Acanthostega: The shape of things to come

File:Acanthostega MLCS.JPG - Wikipedia
Acanthostega wondering what you’re looking at!
Image Credit: Conty, https://en.wikipedia.org/wiki/File:Acanthostega_MLCS.JPG

Throughout earth’s history there have been many major leaps in evolution; the evolution of eyes, the first multicellular animals and (from our point of view) the first time our hominid ancestors walked upright. However one that sticks out in a few people’s minds is when vertebrates first hauled themselves out of the water and started walking on land. To illustrate just how big this step was, imagine an alternate reality where it never happened. This parallel world would contain no reptiles, birds or mammals, and human civilisation would’ve never emerged. The vertebrates in this world are comprised of a wide variety of fish species swimming in seas, lakes and rivers across the world alongside a range of molluscs, crustaceans and corals (to name a few). On land the world is still covered in thousands of plant species but the only animals are invertebrates. Beetles, arachnids, and ants of all possible sizes scuttle along the ground. Dragonflies, wasps and flies buzz and dance through the air and worms bury through the soil keeping the ecosystem together. All in all, it is a world radically different to what we know.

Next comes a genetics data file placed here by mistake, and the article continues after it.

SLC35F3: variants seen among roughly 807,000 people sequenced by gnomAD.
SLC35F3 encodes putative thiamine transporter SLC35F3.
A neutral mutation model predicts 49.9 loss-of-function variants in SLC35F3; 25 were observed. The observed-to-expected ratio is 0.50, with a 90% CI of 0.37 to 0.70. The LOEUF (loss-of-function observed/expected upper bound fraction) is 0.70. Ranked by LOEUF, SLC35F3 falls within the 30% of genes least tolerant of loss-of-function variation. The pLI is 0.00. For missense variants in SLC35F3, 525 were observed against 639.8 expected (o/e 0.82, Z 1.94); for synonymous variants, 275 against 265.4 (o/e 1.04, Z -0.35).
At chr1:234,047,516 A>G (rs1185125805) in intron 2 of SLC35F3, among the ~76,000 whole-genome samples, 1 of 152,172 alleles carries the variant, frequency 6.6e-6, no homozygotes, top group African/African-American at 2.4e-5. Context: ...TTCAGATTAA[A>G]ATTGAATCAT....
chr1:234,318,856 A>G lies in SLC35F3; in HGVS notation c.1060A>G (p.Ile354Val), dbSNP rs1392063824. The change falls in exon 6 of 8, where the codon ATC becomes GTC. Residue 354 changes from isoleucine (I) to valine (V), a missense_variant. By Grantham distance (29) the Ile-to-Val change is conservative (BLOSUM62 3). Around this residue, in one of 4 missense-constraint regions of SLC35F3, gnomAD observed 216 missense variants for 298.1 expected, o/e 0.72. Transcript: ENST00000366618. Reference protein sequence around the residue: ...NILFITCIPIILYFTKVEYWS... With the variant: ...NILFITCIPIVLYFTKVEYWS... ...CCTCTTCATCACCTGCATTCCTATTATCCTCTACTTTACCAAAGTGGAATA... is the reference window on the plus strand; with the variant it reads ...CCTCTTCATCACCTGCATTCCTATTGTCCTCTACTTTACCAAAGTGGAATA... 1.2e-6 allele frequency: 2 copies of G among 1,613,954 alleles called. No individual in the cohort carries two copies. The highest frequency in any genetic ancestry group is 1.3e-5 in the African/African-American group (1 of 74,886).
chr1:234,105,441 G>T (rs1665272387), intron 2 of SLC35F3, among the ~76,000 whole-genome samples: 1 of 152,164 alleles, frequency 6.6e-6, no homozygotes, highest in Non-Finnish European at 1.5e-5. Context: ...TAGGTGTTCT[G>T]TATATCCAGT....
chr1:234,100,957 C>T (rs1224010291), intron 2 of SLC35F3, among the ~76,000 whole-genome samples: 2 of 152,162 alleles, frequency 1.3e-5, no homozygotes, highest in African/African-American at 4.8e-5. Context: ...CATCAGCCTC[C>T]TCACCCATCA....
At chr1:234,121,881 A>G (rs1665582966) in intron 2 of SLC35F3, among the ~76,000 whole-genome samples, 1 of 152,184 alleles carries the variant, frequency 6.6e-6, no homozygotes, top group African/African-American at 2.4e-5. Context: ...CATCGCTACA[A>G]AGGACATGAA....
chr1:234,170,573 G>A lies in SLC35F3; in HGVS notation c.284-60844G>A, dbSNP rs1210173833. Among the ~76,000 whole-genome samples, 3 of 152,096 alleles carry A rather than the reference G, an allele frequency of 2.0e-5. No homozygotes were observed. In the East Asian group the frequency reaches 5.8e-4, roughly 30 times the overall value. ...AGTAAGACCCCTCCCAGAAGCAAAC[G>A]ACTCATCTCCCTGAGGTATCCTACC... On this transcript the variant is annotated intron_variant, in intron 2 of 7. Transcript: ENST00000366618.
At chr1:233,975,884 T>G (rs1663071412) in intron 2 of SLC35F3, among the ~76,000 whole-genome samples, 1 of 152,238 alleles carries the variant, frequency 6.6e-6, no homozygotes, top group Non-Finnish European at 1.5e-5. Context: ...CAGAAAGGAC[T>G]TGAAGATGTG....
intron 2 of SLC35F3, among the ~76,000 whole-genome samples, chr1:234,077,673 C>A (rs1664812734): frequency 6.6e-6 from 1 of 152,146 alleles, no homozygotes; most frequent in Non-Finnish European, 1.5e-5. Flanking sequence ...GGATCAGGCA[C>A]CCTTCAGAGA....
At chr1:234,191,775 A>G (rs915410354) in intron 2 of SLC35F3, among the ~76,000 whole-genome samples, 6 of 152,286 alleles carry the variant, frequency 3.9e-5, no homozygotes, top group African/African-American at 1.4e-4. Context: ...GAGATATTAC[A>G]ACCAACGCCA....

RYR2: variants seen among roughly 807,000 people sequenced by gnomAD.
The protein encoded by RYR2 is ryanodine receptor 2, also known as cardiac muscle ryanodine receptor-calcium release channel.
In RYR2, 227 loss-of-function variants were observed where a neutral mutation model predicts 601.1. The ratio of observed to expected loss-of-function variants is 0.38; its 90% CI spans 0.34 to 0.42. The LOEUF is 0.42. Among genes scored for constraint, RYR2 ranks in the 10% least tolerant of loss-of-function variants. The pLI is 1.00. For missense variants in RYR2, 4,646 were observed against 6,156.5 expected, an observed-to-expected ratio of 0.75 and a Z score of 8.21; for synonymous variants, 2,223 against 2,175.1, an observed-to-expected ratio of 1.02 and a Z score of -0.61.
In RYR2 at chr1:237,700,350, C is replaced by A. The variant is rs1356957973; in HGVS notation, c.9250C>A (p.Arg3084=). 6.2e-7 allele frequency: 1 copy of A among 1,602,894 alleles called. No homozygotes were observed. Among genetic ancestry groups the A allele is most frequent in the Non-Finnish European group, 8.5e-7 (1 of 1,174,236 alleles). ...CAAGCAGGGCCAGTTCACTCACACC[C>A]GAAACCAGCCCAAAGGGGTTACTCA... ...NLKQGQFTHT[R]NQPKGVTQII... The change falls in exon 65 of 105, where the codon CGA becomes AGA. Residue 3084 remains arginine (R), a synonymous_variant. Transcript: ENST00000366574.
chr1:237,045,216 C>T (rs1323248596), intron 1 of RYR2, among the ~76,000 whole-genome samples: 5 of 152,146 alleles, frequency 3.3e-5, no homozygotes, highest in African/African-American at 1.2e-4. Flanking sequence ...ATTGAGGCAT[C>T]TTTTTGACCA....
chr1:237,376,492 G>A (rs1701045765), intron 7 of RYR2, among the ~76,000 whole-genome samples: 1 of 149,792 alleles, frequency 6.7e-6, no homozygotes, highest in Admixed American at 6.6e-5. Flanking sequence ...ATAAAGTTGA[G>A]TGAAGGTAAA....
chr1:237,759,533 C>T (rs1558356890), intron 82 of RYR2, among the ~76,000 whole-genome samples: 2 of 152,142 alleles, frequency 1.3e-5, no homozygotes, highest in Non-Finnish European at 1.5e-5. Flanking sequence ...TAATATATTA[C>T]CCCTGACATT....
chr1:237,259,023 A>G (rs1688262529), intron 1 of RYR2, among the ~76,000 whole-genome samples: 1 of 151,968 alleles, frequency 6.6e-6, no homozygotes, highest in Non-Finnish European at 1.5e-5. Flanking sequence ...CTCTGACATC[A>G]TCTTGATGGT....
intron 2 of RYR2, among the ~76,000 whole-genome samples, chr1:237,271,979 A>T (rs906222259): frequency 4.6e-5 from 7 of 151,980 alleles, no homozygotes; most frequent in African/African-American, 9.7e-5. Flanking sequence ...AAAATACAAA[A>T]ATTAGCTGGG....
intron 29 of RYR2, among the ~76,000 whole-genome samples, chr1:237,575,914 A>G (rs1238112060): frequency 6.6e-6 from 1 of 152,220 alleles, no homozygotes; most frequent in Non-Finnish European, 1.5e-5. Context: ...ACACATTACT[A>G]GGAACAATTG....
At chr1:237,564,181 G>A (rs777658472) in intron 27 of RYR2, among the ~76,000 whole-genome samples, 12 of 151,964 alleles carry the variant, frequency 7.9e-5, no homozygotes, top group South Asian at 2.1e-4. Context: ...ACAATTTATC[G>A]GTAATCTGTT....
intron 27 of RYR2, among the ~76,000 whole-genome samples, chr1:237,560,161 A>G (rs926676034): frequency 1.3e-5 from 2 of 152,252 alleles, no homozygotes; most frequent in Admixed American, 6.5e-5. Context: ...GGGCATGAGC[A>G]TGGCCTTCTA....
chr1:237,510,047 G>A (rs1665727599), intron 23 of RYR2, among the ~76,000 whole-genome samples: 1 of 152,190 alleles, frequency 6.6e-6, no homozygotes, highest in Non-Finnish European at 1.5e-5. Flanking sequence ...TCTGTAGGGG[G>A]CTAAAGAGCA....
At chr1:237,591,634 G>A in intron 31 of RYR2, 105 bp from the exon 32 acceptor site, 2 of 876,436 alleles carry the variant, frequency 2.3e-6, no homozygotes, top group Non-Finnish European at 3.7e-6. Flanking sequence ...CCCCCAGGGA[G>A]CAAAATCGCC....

As a result documenting how and why this important moment in life on earth occurred is key to understanding the world around us. One animal that has helped palaeontologists to do this is a 60 cm long stem-tetrapod that swam the rivers of Greenland during the Devonian Period (360 million years ago). Its name was Acanthostega gunnari, meaning “Gunnars spiny roof”.

File:Acanthostega model.jpg
A model of a swimming Acanthostega
Image Credit: Dr. Günter Bechly, https://commons.wikimedia.org/wiki/File:Acanthostega_model.jpg